Twenty-nine Android applications found on the Google Play were malicious, Symantec officials said.
The pieces of malware found in the former Android Market, now called Google Play, called Android.Dougalek, pretend to be popular games or game-related videos.
First discovered in February, the malicious elements were recipe apps, diet assistant apps, content management apps, and even adult apps. The same cyber criminals launched another series of malicious programs at the end of March, the names of which all end in “the Movie,” Symantec officials said.
Experts said at least 70,000 users may have installed the pieces of software, but the true number of victims may be as high as 300,000.
Initial analysis of the malware-laden applications shows they mainly target Japanese Android users. Also, it’s likely the ones that started this campaign are the same cyber criminals that spread the malware known as Android.Oneclickfraud.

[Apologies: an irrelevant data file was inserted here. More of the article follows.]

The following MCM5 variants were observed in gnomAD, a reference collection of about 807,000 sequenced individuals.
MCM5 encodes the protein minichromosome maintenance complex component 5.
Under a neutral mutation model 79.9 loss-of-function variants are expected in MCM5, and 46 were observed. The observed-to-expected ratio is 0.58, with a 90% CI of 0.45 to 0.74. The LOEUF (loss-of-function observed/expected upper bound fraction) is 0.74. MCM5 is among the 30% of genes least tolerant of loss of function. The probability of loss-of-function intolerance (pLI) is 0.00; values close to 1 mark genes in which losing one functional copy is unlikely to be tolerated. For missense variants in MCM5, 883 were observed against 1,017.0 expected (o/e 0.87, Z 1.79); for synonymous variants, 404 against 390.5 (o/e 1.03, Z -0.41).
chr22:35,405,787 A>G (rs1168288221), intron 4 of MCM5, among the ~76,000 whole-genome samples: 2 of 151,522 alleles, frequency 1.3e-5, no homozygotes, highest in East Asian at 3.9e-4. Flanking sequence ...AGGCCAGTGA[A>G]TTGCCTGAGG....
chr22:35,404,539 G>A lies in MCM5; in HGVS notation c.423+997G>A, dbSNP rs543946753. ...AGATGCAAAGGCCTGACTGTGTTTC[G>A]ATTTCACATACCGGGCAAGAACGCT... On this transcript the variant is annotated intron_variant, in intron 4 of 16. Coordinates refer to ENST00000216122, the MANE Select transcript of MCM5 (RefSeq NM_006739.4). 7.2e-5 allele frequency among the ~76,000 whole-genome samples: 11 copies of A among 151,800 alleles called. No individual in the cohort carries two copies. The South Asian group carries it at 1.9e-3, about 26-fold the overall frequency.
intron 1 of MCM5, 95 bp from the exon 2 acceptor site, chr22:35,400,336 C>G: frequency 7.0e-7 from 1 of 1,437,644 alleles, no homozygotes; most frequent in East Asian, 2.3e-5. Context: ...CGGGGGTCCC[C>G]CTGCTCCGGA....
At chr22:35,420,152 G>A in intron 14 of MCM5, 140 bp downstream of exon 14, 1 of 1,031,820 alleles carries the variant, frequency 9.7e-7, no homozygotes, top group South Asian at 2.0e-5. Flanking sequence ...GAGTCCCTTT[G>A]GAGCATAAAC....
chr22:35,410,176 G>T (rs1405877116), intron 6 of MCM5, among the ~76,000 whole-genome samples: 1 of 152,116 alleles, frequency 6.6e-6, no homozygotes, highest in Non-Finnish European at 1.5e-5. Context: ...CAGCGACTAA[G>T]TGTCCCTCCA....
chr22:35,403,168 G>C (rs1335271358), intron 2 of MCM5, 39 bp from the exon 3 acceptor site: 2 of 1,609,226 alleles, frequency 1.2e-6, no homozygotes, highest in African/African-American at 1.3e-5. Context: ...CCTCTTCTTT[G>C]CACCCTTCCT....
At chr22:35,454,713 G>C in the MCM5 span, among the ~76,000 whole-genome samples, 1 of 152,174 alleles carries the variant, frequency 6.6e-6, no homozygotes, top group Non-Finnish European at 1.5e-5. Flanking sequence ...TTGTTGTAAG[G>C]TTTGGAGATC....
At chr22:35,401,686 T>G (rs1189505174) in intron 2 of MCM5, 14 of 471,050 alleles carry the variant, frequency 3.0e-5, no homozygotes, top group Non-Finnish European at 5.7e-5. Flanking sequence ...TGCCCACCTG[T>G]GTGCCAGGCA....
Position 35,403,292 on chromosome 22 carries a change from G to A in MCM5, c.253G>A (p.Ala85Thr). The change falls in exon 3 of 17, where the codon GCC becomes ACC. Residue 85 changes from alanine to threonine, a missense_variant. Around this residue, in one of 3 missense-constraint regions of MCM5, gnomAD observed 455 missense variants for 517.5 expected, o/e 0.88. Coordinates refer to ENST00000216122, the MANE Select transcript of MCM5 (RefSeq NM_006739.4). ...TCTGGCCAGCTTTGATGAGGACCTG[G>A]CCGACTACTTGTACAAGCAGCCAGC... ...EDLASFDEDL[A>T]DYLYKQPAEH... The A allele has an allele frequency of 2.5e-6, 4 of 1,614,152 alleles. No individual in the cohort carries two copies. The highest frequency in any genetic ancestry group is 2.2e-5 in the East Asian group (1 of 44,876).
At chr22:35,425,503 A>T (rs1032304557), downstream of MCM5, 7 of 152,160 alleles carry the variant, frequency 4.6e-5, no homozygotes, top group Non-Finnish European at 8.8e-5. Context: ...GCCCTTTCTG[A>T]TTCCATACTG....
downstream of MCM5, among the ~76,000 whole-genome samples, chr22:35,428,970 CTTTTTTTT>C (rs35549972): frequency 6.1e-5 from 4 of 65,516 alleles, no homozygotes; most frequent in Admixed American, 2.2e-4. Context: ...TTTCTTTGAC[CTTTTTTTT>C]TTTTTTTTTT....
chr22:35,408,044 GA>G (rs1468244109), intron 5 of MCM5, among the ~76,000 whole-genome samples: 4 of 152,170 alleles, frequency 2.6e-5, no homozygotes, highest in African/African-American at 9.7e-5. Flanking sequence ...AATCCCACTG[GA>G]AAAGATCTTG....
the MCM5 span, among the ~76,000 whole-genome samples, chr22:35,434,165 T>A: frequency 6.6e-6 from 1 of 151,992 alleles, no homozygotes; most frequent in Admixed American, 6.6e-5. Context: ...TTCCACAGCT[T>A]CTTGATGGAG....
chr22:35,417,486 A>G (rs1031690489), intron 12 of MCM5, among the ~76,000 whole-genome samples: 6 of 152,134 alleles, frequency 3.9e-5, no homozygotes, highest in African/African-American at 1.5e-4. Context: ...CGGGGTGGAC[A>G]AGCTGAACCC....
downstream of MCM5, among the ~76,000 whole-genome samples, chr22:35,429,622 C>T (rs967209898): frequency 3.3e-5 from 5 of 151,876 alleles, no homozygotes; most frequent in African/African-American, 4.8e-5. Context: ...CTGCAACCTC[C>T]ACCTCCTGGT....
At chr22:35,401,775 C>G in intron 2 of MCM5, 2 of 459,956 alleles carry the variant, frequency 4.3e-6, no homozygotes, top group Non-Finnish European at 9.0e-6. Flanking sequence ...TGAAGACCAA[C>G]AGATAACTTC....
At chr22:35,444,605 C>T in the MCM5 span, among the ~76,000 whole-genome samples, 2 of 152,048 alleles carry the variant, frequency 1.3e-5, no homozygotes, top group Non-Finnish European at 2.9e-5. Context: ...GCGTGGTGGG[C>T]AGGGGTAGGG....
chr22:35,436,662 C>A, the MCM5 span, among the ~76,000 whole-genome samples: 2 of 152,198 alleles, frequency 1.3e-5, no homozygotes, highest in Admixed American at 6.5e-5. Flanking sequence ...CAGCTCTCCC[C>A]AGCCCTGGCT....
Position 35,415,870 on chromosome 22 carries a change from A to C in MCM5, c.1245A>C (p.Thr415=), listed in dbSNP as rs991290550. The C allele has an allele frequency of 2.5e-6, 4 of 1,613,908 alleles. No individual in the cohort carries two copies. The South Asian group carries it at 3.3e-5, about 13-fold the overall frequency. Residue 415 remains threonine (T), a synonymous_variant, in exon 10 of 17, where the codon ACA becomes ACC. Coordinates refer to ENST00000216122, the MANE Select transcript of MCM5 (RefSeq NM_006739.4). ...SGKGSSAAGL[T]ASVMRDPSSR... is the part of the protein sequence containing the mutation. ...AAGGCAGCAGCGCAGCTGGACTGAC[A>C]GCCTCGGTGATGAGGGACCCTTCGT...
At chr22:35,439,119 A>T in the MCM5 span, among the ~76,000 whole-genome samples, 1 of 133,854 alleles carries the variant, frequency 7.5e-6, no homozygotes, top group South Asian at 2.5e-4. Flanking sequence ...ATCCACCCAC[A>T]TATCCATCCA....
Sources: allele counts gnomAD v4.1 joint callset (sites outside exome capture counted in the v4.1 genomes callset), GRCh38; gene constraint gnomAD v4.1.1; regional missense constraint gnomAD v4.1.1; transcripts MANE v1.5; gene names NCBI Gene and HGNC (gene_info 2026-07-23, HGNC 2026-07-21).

Once installed, the apps request the rights to access personal data and the phone’s identity. While in the foreground it seems as they connect to an external server from which they download the much promised videos, in reality they gather information and send it back to the server.
Based on the fact “the Movie” programs collect data such as names, phone numbers and email addresses from the infected device, this campaign is most likely designed to gather information for future malicious operations.
Another thing is once they’re installed, the shady apps will show up on the Android device under a different name than the one presented on Google Play.
Currently, Google removed the applications from the Play site and even the Tokyo Metropolitan Police Department is looking into the issue, but in the meantime, users should be on the lookout for similar threats that may hide among the legitimate pieces of software hosted on legitimate Android app markets.